World’s rarest ape could be saved by rope bridges

THE world’s rarest ape, the Hainan gibbon, could be saved from extinction by rope bridges.

After a landslide divided their territory on the South Chinese island of Hainan, the already endangered gibbon is at new risk of extinction as its feeding and breeding ground has been severely limited. But experts say that building rope bridges across two areas of their forest could allow them to expand their territory.

Since these gibbons are exclusively tree-dwellers, they cannot hope to cross the damaged forest floor without help.

“Gibbons are strictly arboreal and very few wild ones would travel on the ground by choice. The Hainan gibbon has never been observed on the ground,” said biologist Bosco Chan

Rope bridges could also be used to connect habitats in other areas, experts say, expanding the territory of the endangered gibbons even further.

The Hainan gibbon could once be found throughout China, but now only 30 remain on Hainan Island in the South China Sea, making it the most critically endangered primate in the world.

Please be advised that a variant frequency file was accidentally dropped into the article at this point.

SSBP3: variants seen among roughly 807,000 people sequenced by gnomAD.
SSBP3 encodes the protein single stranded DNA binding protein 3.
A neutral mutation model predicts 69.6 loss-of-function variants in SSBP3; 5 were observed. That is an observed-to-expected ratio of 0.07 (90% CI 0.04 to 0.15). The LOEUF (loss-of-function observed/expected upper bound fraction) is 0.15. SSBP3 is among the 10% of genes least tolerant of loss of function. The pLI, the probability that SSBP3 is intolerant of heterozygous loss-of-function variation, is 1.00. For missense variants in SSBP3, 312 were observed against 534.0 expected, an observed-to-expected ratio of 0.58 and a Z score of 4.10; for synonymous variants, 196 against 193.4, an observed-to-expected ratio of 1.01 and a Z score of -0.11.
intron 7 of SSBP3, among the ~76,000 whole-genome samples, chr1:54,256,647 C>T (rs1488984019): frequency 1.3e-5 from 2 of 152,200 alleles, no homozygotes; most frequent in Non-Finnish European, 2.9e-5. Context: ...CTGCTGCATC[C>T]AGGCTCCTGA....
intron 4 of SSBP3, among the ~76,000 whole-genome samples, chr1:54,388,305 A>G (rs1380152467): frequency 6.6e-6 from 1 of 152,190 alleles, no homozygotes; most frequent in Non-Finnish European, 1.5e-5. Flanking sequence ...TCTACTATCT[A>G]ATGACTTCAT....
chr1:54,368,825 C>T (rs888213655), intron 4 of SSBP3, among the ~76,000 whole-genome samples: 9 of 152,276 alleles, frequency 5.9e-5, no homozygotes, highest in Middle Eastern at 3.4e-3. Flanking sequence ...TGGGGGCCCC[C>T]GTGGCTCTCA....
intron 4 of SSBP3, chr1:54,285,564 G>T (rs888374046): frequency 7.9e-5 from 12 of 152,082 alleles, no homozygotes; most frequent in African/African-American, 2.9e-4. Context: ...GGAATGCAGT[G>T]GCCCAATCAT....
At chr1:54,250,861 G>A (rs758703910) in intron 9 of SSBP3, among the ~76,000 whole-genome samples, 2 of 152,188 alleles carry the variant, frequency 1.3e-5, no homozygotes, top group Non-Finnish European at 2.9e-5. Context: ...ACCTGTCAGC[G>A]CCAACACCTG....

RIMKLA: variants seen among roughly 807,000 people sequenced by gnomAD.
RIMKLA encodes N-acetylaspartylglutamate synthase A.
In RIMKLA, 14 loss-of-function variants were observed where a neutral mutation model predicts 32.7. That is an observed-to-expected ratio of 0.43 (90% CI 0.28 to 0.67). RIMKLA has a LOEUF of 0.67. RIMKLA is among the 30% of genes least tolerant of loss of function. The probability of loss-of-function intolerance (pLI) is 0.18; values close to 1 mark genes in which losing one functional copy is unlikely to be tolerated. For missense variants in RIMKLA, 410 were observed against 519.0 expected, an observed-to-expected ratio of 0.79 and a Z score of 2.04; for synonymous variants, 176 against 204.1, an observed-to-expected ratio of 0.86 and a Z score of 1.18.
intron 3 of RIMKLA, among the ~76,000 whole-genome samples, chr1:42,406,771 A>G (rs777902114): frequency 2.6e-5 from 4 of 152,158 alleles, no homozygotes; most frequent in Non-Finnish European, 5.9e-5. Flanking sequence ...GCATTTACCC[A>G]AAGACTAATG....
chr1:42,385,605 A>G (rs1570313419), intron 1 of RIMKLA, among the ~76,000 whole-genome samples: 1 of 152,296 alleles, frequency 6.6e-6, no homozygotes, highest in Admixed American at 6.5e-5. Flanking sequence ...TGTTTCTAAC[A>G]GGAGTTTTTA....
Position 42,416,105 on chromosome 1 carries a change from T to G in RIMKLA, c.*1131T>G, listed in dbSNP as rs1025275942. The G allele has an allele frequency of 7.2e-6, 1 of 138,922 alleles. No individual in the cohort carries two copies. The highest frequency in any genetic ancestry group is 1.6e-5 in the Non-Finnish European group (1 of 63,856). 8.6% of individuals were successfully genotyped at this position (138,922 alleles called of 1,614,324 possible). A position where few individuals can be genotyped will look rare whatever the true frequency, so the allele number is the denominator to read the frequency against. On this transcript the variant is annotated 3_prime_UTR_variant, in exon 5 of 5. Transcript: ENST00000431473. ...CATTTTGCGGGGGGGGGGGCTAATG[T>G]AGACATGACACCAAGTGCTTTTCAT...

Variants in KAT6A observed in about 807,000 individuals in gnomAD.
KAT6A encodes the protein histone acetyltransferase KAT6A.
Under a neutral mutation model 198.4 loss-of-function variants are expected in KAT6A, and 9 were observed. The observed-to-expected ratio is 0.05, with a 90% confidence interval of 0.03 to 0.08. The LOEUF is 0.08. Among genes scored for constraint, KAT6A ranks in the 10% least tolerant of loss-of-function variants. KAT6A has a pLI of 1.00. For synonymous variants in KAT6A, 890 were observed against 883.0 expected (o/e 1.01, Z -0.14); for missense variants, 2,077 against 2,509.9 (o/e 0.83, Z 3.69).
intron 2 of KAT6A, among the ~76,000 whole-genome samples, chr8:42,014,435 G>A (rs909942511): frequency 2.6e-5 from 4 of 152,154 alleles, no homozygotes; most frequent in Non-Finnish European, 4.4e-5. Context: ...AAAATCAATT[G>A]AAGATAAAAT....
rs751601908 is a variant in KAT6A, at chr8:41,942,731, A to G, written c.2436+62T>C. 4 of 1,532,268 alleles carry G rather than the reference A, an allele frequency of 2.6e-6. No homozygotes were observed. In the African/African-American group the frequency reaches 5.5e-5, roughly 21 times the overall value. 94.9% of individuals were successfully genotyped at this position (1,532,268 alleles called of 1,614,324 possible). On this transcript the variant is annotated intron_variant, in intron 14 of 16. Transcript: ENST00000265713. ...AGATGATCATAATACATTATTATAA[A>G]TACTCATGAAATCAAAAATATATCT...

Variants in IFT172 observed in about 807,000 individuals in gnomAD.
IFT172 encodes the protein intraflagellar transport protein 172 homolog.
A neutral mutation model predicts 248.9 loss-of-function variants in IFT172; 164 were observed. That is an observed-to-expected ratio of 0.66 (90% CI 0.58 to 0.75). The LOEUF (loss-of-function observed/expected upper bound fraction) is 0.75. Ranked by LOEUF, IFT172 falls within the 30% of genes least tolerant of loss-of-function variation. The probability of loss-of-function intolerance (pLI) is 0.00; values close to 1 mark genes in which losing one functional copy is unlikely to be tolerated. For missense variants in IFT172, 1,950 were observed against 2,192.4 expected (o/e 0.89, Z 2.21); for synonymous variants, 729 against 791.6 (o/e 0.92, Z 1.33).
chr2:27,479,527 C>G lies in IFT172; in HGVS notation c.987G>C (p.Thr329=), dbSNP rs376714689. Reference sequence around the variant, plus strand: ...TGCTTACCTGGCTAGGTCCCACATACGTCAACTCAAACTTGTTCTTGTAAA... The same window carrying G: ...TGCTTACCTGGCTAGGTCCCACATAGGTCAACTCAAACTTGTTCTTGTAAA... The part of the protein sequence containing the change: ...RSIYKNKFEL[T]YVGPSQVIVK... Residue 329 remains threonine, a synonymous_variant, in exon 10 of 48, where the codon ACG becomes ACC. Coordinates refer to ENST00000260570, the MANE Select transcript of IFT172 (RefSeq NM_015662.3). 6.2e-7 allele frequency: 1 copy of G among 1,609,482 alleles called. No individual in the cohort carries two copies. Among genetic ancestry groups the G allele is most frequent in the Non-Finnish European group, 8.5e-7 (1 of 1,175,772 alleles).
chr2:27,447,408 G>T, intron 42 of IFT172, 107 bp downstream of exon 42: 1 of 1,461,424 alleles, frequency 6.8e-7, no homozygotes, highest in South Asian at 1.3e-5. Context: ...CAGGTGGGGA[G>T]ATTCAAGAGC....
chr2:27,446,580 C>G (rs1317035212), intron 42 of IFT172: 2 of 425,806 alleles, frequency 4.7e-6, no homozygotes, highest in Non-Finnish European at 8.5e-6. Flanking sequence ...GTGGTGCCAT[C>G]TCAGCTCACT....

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Written by

Sarah Keane

Former teacher and health services manager with a Degree in English, Sarah moved to Spain from Southern Ireland with her husband, who runs his own car rental business, in 2019. She is now enjoying a completely different pace and quality of life on the Costa Blanca South, with wonderful Spanish and expat friends in Cabo Roig. Sarah began working with Euro Weekly News in 2020 and loves nothing more than bringing all the latest national and international news to her local community.

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